General G-tube Q&A
What is a gastrostomy tube (also known as G-tube)?
- The gastrostomy tube is a tube that gives a direct passage into the stomach. It inserts inside the stomach to allow us to give your child nutrition and medications. It also allows for "venting" or burping the stomach, if needed.
What kind of G-tube will my child have?
- At VCU Health, we primarily place MiniONE G-tubes (supplied by Applied Medical Technology) in patients who need a G-tube. It has three main parts: 1. the feeding port, 2. The balloon valve and 3. the balloon. You will use the feeding port to connect it to the feeding set to use it for medications and feeds. The balloon valve is used to inflate the balloon to anchor the G-tube inside the stomach. You can use a small amount of water to inflate the balloon. Usually, 4 to 5 mL of water is sufficient. (Do not touch the balloon port until told to do so by your provider.)
- A standard gastrostomy tube may also be used. There are four main parts - 1. the feeding port, 2. the medication port, 3. the balloon, 4. a round disc which sits at the skin level. You will use the feeding port to connect it to the feeding set to use it for medications and feeds. The balloon valve is used to inflate the port to connect it to the feeding set to use it for feedings. You can connect the syringe to the medication port for giving medications.
Why does my child need a G-tube?
- G-tube is often used for children who have trouble with ingesting medications, water or food by mouth.
Will my child have a G-tube specific to him/her?
- Yes, your surgeon will decide the size of the tube specific to your child. There are varying sizes of G-tubes mainly designated by ___ French x ____ cm. The French size refers to the size of the lumen of the G-tube while the centimeter refers to the length of the G-tube. Please review this picture to visualize what part of the G-tube these sizes refer to. Please make sure to write down the sizes and keep it in a safe location in case you do need a replacement.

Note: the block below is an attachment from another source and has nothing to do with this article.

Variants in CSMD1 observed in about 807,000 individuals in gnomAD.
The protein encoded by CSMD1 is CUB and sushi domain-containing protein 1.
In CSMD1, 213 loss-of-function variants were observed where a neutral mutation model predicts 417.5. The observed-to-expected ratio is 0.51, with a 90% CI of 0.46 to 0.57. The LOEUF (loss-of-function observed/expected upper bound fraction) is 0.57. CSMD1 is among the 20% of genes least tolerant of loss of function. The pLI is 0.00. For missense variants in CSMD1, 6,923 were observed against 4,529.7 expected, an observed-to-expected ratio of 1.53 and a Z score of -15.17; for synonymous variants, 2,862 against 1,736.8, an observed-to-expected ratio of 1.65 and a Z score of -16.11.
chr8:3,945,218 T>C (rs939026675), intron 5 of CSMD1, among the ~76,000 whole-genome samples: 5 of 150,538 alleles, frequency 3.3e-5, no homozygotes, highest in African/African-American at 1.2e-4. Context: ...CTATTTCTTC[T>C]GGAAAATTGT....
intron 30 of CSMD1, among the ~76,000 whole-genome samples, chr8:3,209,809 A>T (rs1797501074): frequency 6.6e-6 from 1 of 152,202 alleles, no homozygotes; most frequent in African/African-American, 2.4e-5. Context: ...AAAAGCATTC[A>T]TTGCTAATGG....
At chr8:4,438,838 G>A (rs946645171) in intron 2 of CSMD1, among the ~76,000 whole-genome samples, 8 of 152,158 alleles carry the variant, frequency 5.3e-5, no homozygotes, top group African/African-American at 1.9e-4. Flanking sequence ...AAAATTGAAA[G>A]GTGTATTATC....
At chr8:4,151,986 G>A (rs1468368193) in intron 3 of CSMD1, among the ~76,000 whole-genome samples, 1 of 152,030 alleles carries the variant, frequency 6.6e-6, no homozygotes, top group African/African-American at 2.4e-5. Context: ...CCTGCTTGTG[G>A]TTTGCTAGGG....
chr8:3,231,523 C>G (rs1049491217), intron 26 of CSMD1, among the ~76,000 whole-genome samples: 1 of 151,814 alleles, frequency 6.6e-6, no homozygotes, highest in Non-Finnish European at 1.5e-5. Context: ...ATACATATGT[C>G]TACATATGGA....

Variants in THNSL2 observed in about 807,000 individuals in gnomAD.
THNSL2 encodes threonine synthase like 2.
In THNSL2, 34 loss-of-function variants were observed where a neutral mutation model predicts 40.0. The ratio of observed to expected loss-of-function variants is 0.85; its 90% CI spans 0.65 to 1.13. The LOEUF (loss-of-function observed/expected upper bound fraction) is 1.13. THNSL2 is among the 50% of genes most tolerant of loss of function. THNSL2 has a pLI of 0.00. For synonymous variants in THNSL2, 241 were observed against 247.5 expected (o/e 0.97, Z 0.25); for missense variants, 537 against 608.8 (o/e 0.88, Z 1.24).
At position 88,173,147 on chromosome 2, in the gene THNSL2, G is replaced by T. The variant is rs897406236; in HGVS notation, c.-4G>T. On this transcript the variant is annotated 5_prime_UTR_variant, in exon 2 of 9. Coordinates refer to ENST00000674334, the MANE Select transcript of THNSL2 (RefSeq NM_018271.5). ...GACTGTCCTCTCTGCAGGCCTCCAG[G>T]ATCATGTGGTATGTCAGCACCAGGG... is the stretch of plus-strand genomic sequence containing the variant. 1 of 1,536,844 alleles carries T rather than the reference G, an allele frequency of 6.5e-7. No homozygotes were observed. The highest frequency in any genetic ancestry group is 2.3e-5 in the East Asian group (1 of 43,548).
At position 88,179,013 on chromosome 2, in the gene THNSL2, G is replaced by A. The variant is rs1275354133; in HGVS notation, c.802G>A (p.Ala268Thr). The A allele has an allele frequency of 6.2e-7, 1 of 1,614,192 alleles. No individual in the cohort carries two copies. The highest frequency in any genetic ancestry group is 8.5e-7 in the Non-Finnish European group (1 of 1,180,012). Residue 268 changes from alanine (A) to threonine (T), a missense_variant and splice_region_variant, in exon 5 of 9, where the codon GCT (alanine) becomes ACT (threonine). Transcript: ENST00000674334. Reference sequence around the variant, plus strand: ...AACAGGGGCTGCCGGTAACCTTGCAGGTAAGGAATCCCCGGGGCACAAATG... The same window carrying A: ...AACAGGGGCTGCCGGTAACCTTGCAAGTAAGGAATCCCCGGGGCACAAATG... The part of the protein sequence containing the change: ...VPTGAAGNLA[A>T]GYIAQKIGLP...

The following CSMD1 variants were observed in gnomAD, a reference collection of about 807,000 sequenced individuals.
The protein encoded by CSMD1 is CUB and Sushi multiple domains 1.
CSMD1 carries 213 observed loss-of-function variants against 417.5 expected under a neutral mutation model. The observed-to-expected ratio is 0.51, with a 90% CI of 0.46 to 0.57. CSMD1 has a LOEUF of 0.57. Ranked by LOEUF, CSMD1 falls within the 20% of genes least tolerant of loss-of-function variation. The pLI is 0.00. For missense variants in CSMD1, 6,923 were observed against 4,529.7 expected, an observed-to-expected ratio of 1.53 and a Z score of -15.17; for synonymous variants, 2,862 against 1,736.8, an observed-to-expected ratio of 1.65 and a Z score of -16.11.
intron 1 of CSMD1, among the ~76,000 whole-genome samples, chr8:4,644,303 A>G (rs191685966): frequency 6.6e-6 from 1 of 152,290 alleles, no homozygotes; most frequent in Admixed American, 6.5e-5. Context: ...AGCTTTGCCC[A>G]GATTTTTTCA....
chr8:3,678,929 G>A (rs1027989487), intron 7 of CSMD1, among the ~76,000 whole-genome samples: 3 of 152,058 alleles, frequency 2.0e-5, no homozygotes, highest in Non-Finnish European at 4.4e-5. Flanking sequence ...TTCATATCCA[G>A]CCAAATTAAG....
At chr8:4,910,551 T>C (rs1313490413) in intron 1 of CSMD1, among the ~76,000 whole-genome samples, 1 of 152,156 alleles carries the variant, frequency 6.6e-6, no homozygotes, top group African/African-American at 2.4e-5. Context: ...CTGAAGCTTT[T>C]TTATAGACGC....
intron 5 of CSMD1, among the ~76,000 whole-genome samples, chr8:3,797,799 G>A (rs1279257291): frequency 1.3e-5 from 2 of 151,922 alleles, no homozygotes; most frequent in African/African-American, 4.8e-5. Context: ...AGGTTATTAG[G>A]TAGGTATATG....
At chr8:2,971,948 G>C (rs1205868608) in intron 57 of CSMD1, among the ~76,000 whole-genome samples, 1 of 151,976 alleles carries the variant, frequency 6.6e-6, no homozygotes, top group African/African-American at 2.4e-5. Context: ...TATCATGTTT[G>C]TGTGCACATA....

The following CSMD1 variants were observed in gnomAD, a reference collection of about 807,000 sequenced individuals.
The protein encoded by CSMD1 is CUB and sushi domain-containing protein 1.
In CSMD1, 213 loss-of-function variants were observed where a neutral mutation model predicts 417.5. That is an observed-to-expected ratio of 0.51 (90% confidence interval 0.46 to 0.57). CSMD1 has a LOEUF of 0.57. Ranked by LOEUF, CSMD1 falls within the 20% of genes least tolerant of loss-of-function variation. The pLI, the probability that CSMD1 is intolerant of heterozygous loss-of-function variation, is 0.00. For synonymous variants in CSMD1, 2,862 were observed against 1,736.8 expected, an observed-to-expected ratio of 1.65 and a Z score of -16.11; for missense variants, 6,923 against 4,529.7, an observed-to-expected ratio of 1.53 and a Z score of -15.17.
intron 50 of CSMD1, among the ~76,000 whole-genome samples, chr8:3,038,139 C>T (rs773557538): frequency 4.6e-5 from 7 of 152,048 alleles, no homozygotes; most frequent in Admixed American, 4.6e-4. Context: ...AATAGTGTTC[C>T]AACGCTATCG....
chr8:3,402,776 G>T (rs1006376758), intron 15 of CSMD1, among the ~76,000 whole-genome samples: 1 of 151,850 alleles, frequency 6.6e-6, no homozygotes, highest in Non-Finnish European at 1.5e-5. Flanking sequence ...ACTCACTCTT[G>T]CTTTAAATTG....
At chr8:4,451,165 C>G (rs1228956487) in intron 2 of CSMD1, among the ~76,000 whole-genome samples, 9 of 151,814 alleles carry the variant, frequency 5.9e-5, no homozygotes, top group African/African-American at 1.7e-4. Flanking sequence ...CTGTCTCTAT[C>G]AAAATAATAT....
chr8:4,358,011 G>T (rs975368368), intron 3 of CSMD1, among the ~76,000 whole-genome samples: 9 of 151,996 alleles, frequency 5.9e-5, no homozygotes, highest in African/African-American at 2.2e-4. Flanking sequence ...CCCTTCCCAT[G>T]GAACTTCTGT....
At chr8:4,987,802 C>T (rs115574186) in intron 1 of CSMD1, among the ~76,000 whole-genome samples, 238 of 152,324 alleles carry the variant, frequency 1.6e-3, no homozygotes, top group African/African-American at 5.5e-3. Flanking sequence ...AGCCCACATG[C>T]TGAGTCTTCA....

Can my child eat/drink by mouth when G-tube is in place if they were doing so beforehand?
- Yes, your child can eat/drink by mouth with the G-tube in place. G-tube will not interfere with this and instead can be used as an adjunct to boost nutrition.
Is G tube permanent?
- No. G-tube can be taken out if your child does not need it any longer. Often, the tract will close on its own but sometimes you may need surgery to close it. But please do not take out the G-tube before discussing this option with your surgeon.
What's included in the G-tube kit?
What else will I need to use the G-tube?
- A pump (Infinity or Joey) and a bag for the pump
- An IV pole<